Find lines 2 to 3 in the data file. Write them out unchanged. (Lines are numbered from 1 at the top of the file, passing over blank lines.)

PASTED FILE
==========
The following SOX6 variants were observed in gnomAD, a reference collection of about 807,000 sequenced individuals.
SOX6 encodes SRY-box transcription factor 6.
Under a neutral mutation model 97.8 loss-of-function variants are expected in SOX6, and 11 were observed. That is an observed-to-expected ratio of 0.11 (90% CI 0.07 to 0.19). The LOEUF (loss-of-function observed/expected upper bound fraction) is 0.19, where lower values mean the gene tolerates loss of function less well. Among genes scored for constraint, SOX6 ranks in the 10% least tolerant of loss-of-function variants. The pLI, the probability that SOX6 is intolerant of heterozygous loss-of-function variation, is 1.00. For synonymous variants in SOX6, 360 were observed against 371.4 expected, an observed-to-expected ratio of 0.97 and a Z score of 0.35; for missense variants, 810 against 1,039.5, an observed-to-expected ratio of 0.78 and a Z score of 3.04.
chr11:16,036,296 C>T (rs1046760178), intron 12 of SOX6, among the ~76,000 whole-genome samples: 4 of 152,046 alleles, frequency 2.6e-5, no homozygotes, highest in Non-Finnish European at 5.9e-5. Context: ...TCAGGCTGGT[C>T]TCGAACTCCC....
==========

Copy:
SOX6 encodes SRY-box transcription factor 6.
Under a neutral mutation model 97.8 loss-of-function variants are expected in SOX6, and 11 were observed. That is an observed-to-expected ratio of 0.11 (90% CI 0.07 to 0.19). The LOEUF (loss-of-function observed/expected upper bound fraction) is 0.19, where lower values mean the gene tolerates loss of function less well. Among genes scored for constraint, SOX6 ranks in the 10% least tolerant of loss-of-function variants. The pLI, the probability that SOX6 is intolerant of heterozygous loss-of-function variation, is 1.00. For synonymous variants in SOX6, 360 were observed against 371.4 expected, an observed-to-expected ratio of 0.97 and a Z score of 0.35; for missense variants, 810 against 1,039.5, an observed-to-expected ratio of 0.78 and a Z score of 3.04.